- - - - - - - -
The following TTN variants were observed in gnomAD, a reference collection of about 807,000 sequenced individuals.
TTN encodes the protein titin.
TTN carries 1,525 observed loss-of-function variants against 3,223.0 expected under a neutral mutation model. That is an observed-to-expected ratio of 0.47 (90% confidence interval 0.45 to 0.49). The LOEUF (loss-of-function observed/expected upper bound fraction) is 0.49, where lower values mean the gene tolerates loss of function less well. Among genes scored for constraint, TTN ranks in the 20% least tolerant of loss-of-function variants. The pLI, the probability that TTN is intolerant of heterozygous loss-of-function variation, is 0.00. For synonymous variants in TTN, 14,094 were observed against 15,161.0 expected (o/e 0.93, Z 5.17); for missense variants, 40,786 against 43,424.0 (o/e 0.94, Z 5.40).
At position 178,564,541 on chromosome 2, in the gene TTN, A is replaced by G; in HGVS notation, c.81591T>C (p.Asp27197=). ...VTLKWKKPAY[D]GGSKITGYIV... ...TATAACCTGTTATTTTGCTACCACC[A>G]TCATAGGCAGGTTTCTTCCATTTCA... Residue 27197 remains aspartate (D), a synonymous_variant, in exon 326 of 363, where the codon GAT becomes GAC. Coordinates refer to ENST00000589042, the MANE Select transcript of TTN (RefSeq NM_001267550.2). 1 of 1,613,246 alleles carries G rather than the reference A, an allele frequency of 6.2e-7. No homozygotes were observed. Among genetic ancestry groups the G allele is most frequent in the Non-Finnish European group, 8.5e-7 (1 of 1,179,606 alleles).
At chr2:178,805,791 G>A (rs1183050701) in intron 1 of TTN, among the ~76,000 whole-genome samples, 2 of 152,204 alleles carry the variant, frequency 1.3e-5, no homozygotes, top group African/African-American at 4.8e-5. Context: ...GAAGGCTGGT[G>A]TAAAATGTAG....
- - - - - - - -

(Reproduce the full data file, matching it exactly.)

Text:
The following TTN variants were observed in gnomAD, a reference collection of about 807,000 sequenced individuals.
TTN encodes the protein titin.
TTN carries 1,525 observed loss-of-function variants against 3,223.0 expected under a neutral mutation model. That is an observed-to-expected ratio of 0.47 (90% confidence interval 0.45 to 0.49). The LOEUF (loss-of-function observed/expected upper bound fraction) is 0.49, where lower values mean the gene tolerates loss of function less well. Among genes scored for constraint, TTN ranks in the 20% least tolerant of loss-of-function variants. The pLI, the probability that TTN is intolerant of heterozygous loss-of-function variation, is 0.00. For synonymous variants in TTN, 14,094 were observed against 15,161.0 expected (o/e 0.93, Z 5.17); for missense variants, 40,786 against 43,424.0 (o/e 0.94, Z 5.40).
At position 178,564,541 on chromosome 2, in the gene TTN, A is replaced by G; in HGVS notation, c.81591T>C (p.Asp27197=). ...VTLKWKKPAY[D]GGSKITGYIV... ...TATAACCTGTTATTTTGCTACCACC[A>G]TCATAGGCAGGTTTCTTCCATTTCA... Residue 27197 remains aspartate (D), a synonymous_variant, in exon 326 of 363, where the codon GAT becomes GAC. Coordinates refer to ENST00000589042, the MANE Select transcript of TTN (RefSeq NM_001267550.2). 1 of 1,613,246 alleles carries G rather than the reference A, an allele frequency of 6.2e-7. No homozygotes were observed. Among genetic ancestry groups the G allele is most frequent in the Non-Finnish European group, 8.5e-7 (1 of 1,179,606 alleles).
At chr2:178,805,791 G>A (rs1183050701) in intron 1 of TTN, among the ~76,000 whole-genome samples, 2 of 152,204 alleles carry the variant, frequency 1.3e-5, no homozygotes, top group African/African-American at 4.8e-5. Context: ...GAAGGCTGGT[G>A]TAAAATGTAG....